Effectiveness of Persona with Personality Traits on Conceptual Design

Author(s): Farshid Anvari, Deborah Richards, Michael Hitchens , Muhammad Ali Babar
Venue: 2015 IEEE/ACM 37th IEEE International Conference on Software Engineering
Date: May 2015

Type of Experiement: Case Study
Sample Size: 46
Class/Experience Level: Undergraduate Student, Graduate Student
Participant Selection: Students in two classes (one Australian, one Danish) who volunteered with no course credit offered
Data Collection Method: Observation, Survey


This study looks at the effects of a persona with personality traits on a conceptual design. It asks if personality traits were correctly identified from a persona, if the students tailor their design to personality traits, and if they considered the personality traits in their design in a way that is in-depth or supported by literature.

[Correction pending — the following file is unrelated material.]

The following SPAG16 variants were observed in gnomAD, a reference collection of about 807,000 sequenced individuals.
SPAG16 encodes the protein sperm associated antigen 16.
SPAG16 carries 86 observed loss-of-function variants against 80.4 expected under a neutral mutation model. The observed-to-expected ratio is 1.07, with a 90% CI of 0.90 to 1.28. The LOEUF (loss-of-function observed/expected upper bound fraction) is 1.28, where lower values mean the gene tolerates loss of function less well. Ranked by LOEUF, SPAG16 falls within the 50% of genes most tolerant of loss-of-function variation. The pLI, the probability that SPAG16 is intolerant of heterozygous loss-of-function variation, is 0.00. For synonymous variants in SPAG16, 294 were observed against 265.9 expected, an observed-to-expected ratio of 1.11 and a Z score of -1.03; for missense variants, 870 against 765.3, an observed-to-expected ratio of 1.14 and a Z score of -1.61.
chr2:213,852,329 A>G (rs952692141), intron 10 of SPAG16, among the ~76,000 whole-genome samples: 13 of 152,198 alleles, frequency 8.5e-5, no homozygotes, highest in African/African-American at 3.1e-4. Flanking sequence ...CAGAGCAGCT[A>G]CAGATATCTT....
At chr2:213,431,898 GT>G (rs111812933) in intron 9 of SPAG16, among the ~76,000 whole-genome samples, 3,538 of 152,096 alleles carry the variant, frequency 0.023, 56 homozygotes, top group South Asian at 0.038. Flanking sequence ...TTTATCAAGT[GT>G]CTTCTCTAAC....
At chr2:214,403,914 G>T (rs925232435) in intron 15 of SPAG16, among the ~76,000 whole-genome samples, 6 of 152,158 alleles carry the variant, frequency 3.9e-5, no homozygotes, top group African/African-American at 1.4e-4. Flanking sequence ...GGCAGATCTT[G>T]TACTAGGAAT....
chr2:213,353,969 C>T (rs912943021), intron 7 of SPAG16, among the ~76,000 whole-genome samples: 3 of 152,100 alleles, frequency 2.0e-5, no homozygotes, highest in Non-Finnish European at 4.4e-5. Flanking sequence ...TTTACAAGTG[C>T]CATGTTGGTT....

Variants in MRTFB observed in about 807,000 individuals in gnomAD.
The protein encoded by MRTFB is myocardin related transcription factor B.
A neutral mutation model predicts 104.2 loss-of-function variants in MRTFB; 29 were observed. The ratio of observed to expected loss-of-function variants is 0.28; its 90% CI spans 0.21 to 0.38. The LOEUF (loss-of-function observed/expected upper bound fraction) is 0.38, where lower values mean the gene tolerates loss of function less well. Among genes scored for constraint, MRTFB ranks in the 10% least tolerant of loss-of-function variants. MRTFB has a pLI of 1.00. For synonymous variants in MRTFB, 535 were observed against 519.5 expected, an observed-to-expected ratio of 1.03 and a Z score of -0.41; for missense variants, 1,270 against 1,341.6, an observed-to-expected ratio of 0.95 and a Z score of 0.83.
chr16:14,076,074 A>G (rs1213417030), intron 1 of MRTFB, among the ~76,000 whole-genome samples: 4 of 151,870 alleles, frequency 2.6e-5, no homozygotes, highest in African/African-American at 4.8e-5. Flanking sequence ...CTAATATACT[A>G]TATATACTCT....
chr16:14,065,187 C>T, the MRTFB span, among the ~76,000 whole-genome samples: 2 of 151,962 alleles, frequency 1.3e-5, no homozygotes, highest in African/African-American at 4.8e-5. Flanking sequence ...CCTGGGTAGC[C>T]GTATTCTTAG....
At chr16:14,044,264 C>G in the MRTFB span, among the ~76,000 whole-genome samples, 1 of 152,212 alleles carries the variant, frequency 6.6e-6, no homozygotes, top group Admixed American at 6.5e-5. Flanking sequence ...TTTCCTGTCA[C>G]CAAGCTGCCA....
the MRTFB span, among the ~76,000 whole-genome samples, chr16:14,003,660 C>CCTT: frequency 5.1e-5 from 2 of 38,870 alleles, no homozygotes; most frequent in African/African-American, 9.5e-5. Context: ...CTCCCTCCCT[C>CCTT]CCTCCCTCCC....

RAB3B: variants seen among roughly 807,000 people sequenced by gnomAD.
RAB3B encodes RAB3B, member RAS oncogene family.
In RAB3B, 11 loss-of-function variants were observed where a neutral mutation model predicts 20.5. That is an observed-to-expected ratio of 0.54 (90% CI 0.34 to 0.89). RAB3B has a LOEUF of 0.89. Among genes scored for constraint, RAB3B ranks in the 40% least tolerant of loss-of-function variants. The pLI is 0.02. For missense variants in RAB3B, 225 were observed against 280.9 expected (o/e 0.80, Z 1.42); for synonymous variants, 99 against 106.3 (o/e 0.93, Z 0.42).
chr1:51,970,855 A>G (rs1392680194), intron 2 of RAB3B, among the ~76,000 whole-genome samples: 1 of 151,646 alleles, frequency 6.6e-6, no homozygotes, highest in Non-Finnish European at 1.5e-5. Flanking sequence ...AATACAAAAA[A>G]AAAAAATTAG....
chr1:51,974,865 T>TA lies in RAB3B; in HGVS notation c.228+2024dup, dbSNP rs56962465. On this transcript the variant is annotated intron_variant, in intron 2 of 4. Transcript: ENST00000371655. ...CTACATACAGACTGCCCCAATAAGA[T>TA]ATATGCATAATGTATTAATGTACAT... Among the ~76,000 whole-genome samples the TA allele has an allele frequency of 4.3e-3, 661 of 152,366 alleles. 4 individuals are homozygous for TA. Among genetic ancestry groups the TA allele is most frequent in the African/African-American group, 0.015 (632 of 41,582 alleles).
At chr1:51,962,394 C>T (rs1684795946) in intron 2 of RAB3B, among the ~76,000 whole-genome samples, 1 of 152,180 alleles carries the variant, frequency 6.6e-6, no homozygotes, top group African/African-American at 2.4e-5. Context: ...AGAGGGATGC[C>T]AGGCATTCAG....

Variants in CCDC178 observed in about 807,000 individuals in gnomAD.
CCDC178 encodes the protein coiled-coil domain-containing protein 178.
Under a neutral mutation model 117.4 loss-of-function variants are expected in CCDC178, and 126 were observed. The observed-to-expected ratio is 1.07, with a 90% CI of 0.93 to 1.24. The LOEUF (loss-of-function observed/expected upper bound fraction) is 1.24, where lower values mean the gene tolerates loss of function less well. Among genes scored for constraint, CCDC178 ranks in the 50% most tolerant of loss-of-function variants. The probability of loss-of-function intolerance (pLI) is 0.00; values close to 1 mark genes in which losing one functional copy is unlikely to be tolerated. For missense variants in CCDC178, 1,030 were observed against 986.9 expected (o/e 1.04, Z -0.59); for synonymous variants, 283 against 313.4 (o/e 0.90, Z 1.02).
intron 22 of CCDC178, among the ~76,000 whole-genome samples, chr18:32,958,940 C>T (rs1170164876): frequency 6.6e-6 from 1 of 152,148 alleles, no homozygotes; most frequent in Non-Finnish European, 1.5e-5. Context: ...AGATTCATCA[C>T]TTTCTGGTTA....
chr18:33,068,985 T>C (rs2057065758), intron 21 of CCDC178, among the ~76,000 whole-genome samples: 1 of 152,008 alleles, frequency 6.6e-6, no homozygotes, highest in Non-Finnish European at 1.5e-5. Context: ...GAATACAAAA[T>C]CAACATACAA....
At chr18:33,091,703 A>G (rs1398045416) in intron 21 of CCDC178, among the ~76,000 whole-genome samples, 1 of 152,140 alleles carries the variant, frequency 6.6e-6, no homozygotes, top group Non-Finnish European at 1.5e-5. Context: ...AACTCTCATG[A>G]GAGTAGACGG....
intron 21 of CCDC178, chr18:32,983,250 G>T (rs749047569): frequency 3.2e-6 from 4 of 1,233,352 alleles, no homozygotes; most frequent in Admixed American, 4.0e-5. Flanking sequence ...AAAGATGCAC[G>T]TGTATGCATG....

Students were given a series of tasks, which included questionnaires, assessment of personality traits and personas, and design activities for the personas. The personas had extroversion/introversion and emotional stability/instability as variable personality traits. Through the assessment of these personas, the data shows that students were generally able to correctly identify the intended personality traits of the given personas. Surveying found that a majority of students believed that their designs were affected by the personality traits of the persona. The qualitative data supports this notion by saying that 74% of the participants considered personality traits when creating design, but only 26% of the students created designs which were in-depth in regards to addressing or incorporating personality traits. An example of an in-depth design was a design that had comments that matched up with an existing study which found that emotionally unstable women seek information online anonymously. The study concludes that people can identify personality traits when given a persona, but the study was inconclusive in determining if personality traits can inherently add depth to a concept design.